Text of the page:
Periculum in mora

Periculum in mora


(Tito Livio, Ab urbe condita; XXXVIII, 25)

Towards SCRIPTORIVM: OpenPompei at CAA2015 (II part)

As we have already told you, OpenPompei has taken part in the Computer Applications and Quantitative Methods in Archaeology (CAA) Annual Conference and, as desired, we met many “open archaeologists” to involve in SCRIPTORIVM. But especially we took part in the presentation of MODA, the Italian Manifesto of Archaeological Open Data. We want to support the rising archaeological community interested in opening and sharing data beyond our project’ end. We believe that OpenPompei is like an enzyma that can accelerate the building of a new management of Cultural Heritage based (also) on Open Data. So, as the name of the CAA Annual Conference recited, “keep the revolution going”! The Manifesto could be the first step in this direction!

#epicfail? Has Open Source in Archeology failed?

This is the provocative title of Mappa Project speech in ArcheFOSS session, in which it tries to answer this question: why in the last years the impact of Open Source in Archaeology has been so limited?

Two main reasons can be identified.

  1. the absence of  a more theoretical approach:  “Open source was a computer science issue, the transposition to archaeology was not associated with a strong theoretical approach. Open Source was not able to propose new development, new forms of doing archaeology, that include new ways, and standards, of handling, processing and modeling information. (…) Open Source in archaeology goes beyond the mere application of software, in fact, it represents an area where archaeologists can focus on discussion about the nature of archaeological data, their definition, representation and manipulation.”
  2. the absence of education and formation in Open Source skills: “it’s necessary to provide future archaeologists with a level of competency both in archaeology and computer science (…). Only proper training can permit them to engage in the development of new IT tools consonant with archaeological interests, and to foster a deeper conceptual understanding of how applications work as a necessary step towards the creation of new ones.”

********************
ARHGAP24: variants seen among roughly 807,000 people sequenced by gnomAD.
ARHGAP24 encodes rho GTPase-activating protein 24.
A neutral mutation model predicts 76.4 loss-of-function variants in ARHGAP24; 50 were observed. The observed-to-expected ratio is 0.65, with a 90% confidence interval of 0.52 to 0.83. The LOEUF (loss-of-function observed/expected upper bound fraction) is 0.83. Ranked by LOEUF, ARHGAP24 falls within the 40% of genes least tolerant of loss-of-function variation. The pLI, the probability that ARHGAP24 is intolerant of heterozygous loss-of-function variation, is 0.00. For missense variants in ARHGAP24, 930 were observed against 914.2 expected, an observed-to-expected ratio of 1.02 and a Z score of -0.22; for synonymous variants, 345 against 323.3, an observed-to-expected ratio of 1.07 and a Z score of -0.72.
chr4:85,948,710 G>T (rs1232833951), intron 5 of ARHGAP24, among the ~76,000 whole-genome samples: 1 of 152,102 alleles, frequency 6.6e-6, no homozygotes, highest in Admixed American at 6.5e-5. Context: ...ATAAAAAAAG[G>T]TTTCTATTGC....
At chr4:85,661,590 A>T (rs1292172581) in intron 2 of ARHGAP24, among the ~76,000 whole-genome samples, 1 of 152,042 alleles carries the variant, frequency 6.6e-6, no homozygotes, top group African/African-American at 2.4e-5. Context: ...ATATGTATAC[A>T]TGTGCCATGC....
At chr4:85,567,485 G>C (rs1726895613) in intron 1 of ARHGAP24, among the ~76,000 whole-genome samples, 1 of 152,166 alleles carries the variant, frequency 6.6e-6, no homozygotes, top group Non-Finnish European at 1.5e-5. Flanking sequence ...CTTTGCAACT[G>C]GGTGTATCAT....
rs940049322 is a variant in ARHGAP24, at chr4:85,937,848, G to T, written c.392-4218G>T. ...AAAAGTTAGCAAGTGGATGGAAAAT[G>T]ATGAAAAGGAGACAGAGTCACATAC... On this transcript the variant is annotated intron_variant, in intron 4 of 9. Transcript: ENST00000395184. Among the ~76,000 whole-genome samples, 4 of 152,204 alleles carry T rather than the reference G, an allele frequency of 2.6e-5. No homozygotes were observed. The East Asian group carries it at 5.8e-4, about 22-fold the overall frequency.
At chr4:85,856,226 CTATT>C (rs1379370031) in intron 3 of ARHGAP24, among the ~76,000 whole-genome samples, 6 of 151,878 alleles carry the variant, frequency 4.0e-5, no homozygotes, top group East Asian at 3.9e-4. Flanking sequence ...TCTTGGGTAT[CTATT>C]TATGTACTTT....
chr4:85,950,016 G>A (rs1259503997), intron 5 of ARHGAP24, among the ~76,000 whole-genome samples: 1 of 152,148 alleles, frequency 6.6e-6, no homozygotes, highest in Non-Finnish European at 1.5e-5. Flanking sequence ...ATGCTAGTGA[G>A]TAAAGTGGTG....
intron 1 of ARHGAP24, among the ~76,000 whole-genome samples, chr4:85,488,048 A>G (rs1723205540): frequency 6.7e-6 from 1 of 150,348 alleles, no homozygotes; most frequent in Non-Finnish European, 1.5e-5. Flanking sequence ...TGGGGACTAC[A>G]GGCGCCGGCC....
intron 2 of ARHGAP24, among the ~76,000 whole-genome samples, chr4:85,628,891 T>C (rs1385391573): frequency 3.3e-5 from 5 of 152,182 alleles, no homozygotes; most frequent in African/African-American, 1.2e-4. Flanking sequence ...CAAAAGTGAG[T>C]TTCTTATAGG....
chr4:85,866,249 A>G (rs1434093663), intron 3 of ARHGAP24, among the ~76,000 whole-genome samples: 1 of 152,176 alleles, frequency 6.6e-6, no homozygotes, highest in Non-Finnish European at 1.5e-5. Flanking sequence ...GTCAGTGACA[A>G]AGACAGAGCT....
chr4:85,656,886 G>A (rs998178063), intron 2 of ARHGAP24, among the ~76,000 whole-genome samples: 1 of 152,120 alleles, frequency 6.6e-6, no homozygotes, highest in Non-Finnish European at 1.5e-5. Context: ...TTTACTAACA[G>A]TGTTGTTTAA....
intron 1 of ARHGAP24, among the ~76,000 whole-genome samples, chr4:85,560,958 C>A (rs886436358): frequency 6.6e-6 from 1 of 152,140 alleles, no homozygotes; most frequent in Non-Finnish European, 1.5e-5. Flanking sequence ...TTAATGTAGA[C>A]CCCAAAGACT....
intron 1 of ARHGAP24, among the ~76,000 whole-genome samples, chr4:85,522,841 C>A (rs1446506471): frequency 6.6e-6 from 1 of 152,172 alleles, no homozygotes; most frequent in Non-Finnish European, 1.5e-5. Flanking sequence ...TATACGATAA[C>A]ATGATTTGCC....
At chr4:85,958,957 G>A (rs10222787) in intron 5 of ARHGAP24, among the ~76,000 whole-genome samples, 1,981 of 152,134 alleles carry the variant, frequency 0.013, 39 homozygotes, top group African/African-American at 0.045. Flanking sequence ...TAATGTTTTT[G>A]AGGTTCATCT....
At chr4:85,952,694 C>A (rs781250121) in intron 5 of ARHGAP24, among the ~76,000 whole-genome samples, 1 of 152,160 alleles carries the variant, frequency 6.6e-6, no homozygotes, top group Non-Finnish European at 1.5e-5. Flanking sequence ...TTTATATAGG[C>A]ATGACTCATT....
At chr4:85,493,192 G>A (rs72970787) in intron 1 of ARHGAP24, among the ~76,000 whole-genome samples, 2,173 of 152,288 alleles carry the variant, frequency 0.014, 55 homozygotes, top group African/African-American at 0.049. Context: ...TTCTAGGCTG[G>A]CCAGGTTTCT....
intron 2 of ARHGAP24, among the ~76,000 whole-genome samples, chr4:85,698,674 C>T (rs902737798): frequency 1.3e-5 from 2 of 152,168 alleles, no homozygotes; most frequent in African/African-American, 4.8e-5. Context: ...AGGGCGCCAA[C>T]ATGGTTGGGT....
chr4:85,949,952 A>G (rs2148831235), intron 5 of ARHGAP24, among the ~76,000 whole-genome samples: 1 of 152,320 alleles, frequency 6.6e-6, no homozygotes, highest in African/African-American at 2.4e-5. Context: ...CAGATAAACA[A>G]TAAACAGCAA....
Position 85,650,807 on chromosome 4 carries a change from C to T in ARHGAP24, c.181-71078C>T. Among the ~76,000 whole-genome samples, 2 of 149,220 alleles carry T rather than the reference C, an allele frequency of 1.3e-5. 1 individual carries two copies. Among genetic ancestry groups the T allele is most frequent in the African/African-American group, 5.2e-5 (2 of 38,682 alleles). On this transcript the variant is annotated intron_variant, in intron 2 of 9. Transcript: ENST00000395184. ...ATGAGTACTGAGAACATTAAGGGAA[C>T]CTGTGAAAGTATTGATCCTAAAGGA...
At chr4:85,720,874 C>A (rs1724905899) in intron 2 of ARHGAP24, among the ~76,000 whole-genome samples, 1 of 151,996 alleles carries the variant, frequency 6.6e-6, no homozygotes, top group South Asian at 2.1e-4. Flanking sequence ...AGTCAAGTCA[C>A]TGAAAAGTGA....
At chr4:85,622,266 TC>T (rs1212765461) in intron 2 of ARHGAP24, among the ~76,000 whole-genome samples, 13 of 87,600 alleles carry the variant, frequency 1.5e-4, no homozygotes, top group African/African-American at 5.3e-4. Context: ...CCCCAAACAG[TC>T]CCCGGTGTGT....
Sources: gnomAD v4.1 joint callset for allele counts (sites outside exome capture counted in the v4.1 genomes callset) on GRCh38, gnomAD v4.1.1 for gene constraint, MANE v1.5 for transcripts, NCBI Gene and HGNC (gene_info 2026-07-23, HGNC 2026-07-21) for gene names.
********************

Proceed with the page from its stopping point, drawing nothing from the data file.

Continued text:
MODA is a declaration of intent about the right of open access to archaeological data of entire citizenship. All archaeological remains are part of humanity’s legacy. As such, they belong to all of us, together with the information connected to.

It was born by a group of archaeologists from different backgrounds and arose from the experience of the first Open School of Archaeological Data, promoted by the MAPPA Lab of the University of Pisa in July 2014.

Everyone worked in different places, studied in different Universities, but all agreed about creating and sharing data in open format.

Another opportunity to broaden and strengthen the rising archaeological community was the STVDIVM, promoted by OpenPompei project. Educational meetings such as these, promote the birth of a community of practice, that is a network of informal communication, linking a group of archaeologists working and learning together.

Since October 29, 2014, 130 people have signed the Manifesto and also the following projects (besides OpenPompei): Wikimedia Italia, Mappa Project, Archeo ed Arte 3D – La Sapienza.

Why are Open Data so important in Archaeology?

Forty years of stratigraphic excavations have produced thousands, billions of data. Data-harvesting have an expansive cost. So, why do not we re-use data?

Through use and re-use of Archaeological Data, we will able to make really cost- effective our data-harvesting, optimizing production costs.

These practical considerations must be added to another one: opening and sharing Open Data generates a virtuous circle. By this one, both scientific community and citizens as a whole can benefit.

The virtuous circle of Archaeological Open Data consists of:

  • making data-harvesting process transparent through sharing Open Data:

an archaeologist works like an antenna receiving signals from the past, decoding and then retransmitting them. The signals were reduced by the long-time and are definitively destroyed by excavations themselves. We will able to verify several times the interpretation process: sharing Open Data we can ask them new questions, generating new knowledge;

  • working together quickly and creatively to improve archaeology:

with the increasing availability of more data processable we will able to create new perspective for the research;

  • encouraging ethical behaviour:

information sharing makes everyone responsable for protecting Cultural Heritage and leading the foundations for a shared management of Cultural Heritage itself;

  • promoting the development of innovative services saving time and costs in the management of Archaeological Heritage
  • create value and accountability for cultural institutions

We believe that in this way Archaeology regain a strong social relevance as a public service.

An European Manifesto

This is an Italian pilot project, but the instance of opening and sharing the raw data could be an instance of all european archaeologists. Every country have a different situation about attitude, laws and management of archaeological information. But the goal could be the same: reinforced our research-methodology in order to enhance historical landscape preservation.

SCRIPTORIVM: the next-live event!


This rising open archaeological community will meet again at SCRIPTORIVM. The participation of MODA’ members at this event is purposeful: we will go from theory to practice of ha(r)ckeology starting from a site of symbolic value as Pompeii!

Keep the revolution going!